Friday, February 11, 2005

I was just guessing at numbers and figures

The title of this post should read: In which I celebrate and bemoan science.

Not really, because when have I ever been able to write a post on one, focused topic? Let me see... that was back in... never.

However, the LA Times reports today that scientists have figured out how to determine the true color of the ocean. I know, I know, that just seems like some kitschy basic-science type of nonsense that makes you scratch your head and wonder why research dollars went to such an endeavour. Well, bitches, that's because news headlines are always about sensationalism. What's important about this breakthough is that it will now be possible to measure changes in phytoplankton levels in the ocean.

Can I just say that I love phytoplankton? These little bitty things that exhale oxygen. I have a tendency to be very anthropomorphic. So I always picture these plankton vigorously blowing little bubbles of oxygen out as they travel around the ocean, just as I always picture trees snoring carbon dioxide at night. Yes, I'm a dork. At any rate, I love the concept of these tiny organisms that collectively are the lungs of the ocean, and in turn the world. Measuring phytoplankton growth may also seem like an exercise in whatever-ness to some, but given the role of phytoplankton in the ecosystem of the ocean, scientists will be better able to understand the effects of pollution and climate change on the ocean.

So why would I bemoan something so admittedly cool? Perhaps bemoan is not the right word. I get really amped when I read about things like this. But then I read this:
One of the trickiest parts of measuring this, said David Siegel, a UC Santa Barbara geology professor, was correcting for brighter light bouncing back from land and the atmosphere. "The ocean isn't the brightest target," he said.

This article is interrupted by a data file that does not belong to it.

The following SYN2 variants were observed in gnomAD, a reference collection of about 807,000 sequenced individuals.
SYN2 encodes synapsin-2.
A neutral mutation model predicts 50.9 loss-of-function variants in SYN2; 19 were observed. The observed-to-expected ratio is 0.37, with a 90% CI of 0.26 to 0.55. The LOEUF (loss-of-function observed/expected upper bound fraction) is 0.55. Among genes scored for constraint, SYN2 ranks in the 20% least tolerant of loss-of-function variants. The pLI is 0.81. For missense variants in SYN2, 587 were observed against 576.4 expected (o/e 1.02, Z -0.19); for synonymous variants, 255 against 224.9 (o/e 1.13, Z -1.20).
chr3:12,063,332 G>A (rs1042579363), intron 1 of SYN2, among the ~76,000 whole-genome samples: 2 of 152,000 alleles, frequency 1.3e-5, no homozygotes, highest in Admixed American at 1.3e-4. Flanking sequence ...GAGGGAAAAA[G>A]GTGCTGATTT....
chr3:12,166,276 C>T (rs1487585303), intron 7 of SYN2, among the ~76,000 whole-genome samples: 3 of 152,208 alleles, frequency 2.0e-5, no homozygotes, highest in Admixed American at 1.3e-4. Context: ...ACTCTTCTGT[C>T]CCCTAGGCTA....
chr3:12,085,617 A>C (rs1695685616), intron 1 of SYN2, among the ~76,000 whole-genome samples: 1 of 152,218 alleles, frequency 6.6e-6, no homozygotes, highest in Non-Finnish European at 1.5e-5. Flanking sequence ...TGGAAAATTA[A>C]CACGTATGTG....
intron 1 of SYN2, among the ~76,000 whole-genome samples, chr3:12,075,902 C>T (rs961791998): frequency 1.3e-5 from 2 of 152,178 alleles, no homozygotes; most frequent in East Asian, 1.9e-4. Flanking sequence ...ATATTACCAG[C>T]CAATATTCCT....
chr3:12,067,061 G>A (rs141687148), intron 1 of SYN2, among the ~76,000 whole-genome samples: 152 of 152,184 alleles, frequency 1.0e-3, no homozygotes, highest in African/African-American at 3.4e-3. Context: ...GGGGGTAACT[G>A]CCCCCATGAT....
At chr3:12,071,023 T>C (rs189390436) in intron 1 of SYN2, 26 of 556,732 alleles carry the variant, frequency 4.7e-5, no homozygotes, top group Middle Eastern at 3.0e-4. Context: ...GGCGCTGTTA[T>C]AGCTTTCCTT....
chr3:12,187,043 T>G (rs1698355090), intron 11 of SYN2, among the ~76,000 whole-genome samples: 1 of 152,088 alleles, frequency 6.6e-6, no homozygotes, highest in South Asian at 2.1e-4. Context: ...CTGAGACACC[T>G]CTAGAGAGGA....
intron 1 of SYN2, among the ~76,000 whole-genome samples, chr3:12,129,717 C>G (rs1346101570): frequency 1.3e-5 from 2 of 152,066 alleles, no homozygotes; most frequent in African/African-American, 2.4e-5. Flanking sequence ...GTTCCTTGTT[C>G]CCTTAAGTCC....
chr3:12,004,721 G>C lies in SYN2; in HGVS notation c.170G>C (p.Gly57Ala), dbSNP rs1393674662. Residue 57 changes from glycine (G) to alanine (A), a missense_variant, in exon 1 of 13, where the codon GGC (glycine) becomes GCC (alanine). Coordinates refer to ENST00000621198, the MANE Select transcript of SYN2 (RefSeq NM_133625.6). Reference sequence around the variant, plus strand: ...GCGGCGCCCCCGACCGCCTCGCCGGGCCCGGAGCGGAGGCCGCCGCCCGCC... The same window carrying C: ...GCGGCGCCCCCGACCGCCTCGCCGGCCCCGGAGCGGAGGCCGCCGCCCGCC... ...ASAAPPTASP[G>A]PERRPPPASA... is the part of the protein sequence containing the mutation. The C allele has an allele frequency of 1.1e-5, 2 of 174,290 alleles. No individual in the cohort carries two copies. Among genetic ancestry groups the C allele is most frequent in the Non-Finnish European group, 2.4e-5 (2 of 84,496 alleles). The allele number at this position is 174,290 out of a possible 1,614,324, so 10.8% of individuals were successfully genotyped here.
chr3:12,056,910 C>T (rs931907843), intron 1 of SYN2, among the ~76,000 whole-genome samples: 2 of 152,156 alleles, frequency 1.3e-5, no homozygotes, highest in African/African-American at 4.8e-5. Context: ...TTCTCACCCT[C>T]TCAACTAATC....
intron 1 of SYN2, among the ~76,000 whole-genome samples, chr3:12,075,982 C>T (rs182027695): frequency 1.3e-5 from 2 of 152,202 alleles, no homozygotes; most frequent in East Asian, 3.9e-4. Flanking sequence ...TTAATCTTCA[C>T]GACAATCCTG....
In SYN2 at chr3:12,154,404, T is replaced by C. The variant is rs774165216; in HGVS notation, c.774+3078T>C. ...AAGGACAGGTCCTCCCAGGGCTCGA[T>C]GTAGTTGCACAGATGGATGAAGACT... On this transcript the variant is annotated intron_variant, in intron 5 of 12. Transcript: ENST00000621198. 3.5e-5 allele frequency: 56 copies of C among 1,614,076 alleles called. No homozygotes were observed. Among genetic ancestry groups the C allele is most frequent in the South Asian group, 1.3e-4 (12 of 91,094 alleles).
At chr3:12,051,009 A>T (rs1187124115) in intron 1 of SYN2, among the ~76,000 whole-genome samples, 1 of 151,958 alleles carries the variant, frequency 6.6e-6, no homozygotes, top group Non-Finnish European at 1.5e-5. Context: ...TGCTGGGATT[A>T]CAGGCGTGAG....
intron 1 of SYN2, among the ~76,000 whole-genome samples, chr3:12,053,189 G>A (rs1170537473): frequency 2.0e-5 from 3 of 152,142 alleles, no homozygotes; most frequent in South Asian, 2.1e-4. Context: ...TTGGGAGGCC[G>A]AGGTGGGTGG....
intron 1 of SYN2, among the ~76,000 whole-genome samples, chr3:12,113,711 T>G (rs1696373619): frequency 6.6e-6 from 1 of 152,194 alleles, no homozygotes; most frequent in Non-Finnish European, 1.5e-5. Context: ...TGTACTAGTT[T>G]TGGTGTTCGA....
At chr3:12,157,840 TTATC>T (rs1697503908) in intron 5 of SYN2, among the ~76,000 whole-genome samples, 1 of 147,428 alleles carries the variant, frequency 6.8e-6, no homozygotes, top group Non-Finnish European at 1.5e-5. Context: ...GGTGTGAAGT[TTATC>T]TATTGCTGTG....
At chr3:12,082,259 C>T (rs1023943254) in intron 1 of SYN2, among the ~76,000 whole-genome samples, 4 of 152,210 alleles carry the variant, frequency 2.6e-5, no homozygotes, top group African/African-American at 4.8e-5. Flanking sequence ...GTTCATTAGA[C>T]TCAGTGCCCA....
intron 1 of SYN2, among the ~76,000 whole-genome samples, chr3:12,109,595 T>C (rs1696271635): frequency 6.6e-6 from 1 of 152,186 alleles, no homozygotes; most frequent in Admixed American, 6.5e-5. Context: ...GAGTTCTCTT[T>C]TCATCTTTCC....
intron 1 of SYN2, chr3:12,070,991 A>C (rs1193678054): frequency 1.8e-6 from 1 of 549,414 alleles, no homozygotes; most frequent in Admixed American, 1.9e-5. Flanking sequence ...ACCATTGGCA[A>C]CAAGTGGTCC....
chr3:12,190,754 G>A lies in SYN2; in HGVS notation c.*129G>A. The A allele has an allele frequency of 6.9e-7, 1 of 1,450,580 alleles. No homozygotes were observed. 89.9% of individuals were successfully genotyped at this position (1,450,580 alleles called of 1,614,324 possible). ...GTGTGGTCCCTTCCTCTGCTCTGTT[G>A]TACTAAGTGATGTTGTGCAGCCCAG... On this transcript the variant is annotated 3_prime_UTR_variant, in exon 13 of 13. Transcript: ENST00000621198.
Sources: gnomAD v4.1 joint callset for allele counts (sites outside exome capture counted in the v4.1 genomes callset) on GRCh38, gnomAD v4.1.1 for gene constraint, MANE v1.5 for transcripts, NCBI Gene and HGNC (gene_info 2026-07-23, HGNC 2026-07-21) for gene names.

Siegel likened the project, which is being published by the journal Global Biogeochemical Cycles, to fiddling with the settings for color and brightness on a television set.

In this case, the new mathematical formula to achieve those settings took a decade to perfect
A DECADE?!? I am disheartened by the sheer labor involved. Suddenly, I imagine a graduate student, sitting in a little cube, slaving away, dishevelled and unkempt. And for every one of these successful graduate students, there are likely 5-6 working on the same thing but failing to solve the problem. Yikes. I am simultaneously impressed and depressed. I should probably note here that I was one of those graduate students once (sort of), and the futility of it all was too much for me to take. Which is why I am even more impressed by those who pursue basic research. I can see the need for it, my nature just prevents me from participating. I am an instant-gratification kind of a girl, apparently.

Because it wouldn't be a post without some random tangent- Moonlight Mile is the movie that cinched the untoward fascination I have with Jake Gyellenhall, which started with Donnie Darko. I must admit, however, that I am a complete sucker for a good soundtrack. Both the aforementioned films have excellent soundtracks. Darko's is better, but Mile's is perfect in terms of pitch and feel of the film. So, it's hard to tell if Moonlight Mile was a good movie in and of itself. General good will towards an actor + non-sucky script + above average soundtrack = happy me.

Also... if I don't get to see Born into Brothels this weekend, someone's going to pay.

And one question for the blogosphere- should I go see The Killers or will I be annoyed by all the little punk-rock kids at the show??

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